Therefore hath the Church of God with great veneration always observed this day, and so religiously above others, that to this only it seemed good to the Holy Ghost and to them, to give it the name of dies Domini, 'the Lord's day.'

And what those works now be, wherewith it hath pleased God to magnify this day above the rest, and to set forth both His glory and His goodness to us, ye shall hear from St. Austin, as he had it from Theophilus, the president of a council in Palestine, Venerabilis est hic dies (says he) qui Dominicus appellatur, et dies primus, &c.

'This is a venerable day which we call the Lord's day, and the first day of the week, which indeed was the very first day of the world, and a day exalted by God's goodness, and wonders wrought upon it, far above any other day whatsoever. In it was the light created, which made the evening and the morning the first day; In it were the people of God delivered and set free from the bondage of Pharaoh; in it God rained down manna in the wilderness; in it was Christ born, was circumcised, was worshipped by the Gentiles, was baptized in Jordan; in it He did His first miracle and mani-fested forth His glory; In it He went in triumph towards his passion; and when they had slain Him and laid Him in his grave, upon it He rose again in greater triumph from the dead. Afterwards upon this day He appeared to His disciples, and upon this very day sent his Holy Spirit upon them all. Upon which day also we look for His appearance [174/175] again when He shall come to judgment, and raise us up, all that have served Him truly, to eternal life.'

These are all the words of St. Austin, all which, except that of the day of judgment, (which no man can tell,) are either expressly verified by the history, or generally delivered to be true by the consent of the Church in all ages before him.

But among them all, the chief and most singular is that mighty and glorious work of Christ in His resurrection from the grave, by which, et morts interitum et vita accepit initium, saith Leo; 'both death had an end, and life a new beginning.' And this is it which more solemnly the Church of God observeth every year upon the feast of Easter, the feast of Christ's resurrection; renewing it every week upon this day, if not with so great solemnity, yet with due honour and religion that becometh Christians, who live and die in hope also of a resurrection to a better life.

So have we the reasons of observing this day above all others, and of the Church's transferring the honour of the old Jewish Sabbath upon it; that as the one did continually bring to mind the former world finished by creation, so the other might keep us in perpetual remembrance of a far better world begun by Christ, That came to restore all things, and to make heaven and earth anew again.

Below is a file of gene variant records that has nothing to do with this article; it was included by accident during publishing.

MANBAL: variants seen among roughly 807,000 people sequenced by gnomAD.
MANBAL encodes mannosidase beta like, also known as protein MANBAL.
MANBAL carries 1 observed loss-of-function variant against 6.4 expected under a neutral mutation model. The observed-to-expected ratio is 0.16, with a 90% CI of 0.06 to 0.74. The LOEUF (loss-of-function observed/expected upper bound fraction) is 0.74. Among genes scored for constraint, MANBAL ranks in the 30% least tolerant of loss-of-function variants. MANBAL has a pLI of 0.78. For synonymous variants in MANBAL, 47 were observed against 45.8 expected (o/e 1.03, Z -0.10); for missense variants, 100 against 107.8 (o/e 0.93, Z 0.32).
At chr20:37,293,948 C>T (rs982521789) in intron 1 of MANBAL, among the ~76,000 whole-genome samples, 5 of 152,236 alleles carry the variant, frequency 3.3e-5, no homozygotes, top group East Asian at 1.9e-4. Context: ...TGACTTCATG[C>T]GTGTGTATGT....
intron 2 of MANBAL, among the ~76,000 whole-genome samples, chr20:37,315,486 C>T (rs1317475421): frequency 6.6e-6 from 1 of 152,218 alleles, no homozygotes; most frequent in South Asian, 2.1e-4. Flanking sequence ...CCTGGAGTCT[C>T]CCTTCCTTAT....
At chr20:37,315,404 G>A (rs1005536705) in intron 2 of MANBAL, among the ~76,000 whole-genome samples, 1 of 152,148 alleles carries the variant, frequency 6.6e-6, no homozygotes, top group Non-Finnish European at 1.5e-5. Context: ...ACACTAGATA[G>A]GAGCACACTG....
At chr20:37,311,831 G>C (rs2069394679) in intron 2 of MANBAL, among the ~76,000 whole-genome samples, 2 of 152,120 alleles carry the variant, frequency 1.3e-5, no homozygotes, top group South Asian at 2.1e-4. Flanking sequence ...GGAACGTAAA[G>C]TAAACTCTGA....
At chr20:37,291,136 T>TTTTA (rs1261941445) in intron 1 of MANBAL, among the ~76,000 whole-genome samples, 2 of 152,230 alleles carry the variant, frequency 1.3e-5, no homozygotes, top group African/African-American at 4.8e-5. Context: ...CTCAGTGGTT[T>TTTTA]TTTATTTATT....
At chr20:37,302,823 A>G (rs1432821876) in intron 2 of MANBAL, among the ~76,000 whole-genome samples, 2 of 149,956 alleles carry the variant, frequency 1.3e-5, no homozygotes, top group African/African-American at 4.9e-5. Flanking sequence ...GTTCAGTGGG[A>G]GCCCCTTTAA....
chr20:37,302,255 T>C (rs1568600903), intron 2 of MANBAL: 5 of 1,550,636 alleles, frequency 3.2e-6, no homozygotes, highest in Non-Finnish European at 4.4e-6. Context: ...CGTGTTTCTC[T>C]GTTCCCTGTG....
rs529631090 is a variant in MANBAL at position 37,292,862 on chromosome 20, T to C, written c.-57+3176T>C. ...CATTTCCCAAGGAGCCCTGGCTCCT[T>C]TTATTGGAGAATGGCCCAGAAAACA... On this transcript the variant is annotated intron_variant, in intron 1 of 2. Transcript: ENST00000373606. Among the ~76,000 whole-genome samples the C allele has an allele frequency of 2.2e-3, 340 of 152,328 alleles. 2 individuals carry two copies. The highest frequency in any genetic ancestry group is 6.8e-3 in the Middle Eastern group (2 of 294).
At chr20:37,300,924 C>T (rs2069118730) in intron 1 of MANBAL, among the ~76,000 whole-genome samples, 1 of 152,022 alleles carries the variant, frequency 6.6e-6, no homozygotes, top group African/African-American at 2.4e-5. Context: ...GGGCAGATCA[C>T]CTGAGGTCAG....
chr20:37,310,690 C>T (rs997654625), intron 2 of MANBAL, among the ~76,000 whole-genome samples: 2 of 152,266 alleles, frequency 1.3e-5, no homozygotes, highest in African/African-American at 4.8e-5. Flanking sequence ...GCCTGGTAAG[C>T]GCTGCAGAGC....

To which if ye add the many figures that this day had in the Old Testament, and therefore (as St. Cyprian and St. Austin argue) must of necessity be kept in the New; and then the keeping of it, de facto, by the Apostles themselves, in the twentieth chapter of St. John, in the second chapter of the Acts, in the twentieth chapter of the Acts, in the first Epistle to the Corinthians and the sixteenth chapter, and the first chapter of the Revelations; besides the manifest and express places of Scripture, both in the Old and New Testament, that the Sabbath was to cease; then have ye all the reasons and causes why the Church of God, with great consent in all ages, hath thought itself bound to observe and honour this day and not the day so much, as upon the day [175/176] to serve and honour God Who hath done so great things for us as ye have heard.

III. From the causes then of observing the day I come to the rules and manner how it should be observed; that is, how it hath been heretofore, and how it ought to be kept still; with what religion and strictness, with what devotion and gladness we are to celebrate this day of the Lord. Wherein I shall not meddle, I shall tell you beforehand, with the Jews' observances of their Sabbath, being for the most part shadows of things to come, and no ways pertaining to us further than the general rules of religion and moral duties will carry them. But I shall only show you the laws and customs of our fore-fathers in the faith, by which they kept this day religiously from the beginning of the Church.

And of this there be many things defined in councils with great wisdom and sanctity, set forth in the Fathers and Doctors of the Church with great piety and devotion; all which, notwithstanding, may be reduced to two heads; to those things which are commanded, and to those things which are forbidden to be done upon this day. Of both which because the themes are large, and more to be said of either thou can be said now, I shall, by God's grace, speak the next time. To God, &c.